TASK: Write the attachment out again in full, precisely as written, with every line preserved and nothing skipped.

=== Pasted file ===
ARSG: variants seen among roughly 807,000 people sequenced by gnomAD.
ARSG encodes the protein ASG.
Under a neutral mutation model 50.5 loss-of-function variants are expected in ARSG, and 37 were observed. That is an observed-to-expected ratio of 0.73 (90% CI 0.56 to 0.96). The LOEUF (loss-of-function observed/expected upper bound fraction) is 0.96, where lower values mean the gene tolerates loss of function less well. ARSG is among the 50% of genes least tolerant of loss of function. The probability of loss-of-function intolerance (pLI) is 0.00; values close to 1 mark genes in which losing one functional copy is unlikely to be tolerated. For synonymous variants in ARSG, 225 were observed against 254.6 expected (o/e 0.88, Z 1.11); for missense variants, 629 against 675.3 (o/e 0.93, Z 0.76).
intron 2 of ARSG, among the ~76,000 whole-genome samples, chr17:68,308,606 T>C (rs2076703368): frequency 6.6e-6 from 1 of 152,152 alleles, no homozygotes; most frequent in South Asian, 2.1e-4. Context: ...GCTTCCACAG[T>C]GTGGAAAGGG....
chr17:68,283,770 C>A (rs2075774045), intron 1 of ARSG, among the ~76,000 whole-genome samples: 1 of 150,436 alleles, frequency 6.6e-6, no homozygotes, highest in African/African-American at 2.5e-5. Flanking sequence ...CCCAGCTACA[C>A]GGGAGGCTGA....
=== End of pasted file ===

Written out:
ARSG: variants seen among roughly 807,000 people sequenced by gnomAD.
ARSG encodes the protein ASG.
Under a neutral mutation model 50.5 loss-of-function variants are expected in ARSG, and 37 were observed. That is an observed-to-expected ratio of 0.73 (90% CI 0.56 to 0.96). The LOEUF (loss-of-function observed/expected upper bound fraction) is 0.96, where lower values mean the gene tolerates loss of function less well. ARSG is among the 50% of genes least tolerant of loss of function. The probability of loss-of-function intolerance (pLI) is 0.00; values close to 1 mark genes in which losing one functional copy is unlikely to be tolerated. For synonymous variants in ARSG, 225 were observed against 254.6 expected (o/e 0.88, Z 1.11); for missense variants, 629 against 675.3 (o/e 0.93, Z 0.76).
intron 2 of ARSG, among the ~76,000 whole-genome samples, chr17:68,308,606 T>C (rs2076703368): frequency 6.6e-6 from 1 of 152,152 alleles, no homozygotes; most frequent in South Asian, 2.1e-4. Context: ...GCTTCCACAG[T>C]GTGGAAAGGG....
chr17:68,283,770 C>A (rs2075774045), intron 1 of ARSG, among the ~76,000 whole-genome samples: 1 of 150,436 alleles, frequency 6.6e-6, no homozygotes, highest in African/African-American at 2.5e-5. Flanking sequence ...CCCAGCTACA[C>A]GGGAGGCTGA....